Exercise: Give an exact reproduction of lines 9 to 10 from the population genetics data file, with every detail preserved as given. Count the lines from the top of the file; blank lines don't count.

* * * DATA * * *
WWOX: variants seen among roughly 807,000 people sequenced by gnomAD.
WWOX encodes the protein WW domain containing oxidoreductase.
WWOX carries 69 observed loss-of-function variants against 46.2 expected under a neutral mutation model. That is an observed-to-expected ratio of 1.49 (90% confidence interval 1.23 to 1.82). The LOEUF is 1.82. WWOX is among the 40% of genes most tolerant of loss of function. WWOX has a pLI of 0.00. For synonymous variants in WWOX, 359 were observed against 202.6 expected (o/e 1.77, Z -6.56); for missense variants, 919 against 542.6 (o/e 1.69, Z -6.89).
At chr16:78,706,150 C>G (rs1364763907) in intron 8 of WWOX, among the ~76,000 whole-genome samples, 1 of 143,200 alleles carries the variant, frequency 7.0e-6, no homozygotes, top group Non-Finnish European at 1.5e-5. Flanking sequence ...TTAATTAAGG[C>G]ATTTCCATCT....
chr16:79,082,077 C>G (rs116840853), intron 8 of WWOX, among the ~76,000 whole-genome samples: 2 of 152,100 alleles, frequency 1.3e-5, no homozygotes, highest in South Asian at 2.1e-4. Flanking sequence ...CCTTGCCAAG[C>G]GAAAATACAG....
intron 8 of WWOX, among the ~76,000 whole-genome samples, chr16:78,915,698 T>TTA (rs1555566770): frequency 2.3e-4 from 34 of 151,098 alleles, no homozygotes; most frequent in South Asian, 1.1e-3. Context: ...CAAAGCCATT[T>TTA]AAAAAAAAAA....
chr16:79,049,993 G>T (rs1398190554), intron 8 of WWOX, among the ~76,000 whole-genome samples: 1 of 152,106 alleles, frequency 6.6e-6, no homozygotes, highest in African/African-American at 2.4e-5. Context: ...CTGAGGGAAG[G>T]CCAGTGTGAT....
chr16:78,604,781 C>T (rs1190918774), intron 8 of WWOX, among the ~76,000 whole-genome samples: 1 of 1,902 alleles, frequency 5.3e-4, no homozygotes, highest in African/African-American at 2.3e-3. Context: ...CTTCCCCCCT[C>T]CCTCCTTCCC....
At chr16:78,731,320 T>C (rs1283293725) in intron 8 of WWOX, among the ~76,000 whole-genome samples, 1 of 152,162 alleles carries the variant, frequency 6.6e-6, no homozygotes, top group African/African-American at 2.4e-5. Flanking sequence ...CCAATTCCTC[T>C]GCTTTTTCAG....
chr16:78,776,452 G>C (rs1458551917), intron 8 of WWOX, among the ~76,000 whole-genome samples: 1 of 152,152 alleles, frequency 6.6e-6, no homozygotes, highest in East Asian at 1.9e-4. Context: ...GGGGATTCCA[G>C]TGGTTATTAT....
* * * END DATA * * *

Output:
At chr16:78,731,320 T>C (rs1283293725) in intron 8 of WWOX, among the ~76,000 whole-genome samples, 1 of 152,162 alleles carries the variant, frequency 6.6e-6, no homozygotes, top group African/African-American at 2.4e-5. Flanking sequence ...CCAATTCCTC[T>C]GCTTTTTCAG....
chr16:78,776,452 G>C (rs1458551917), intron 8 of WWOX, among the ~76,000 whole-genome samples: 1 of 152,152 alleles, frequency 6.6e-6, no homozygotes, highest in East Asian at 1.9e-4. Context: ...GGGGATTCCA[G>C]TGGTTATTAT....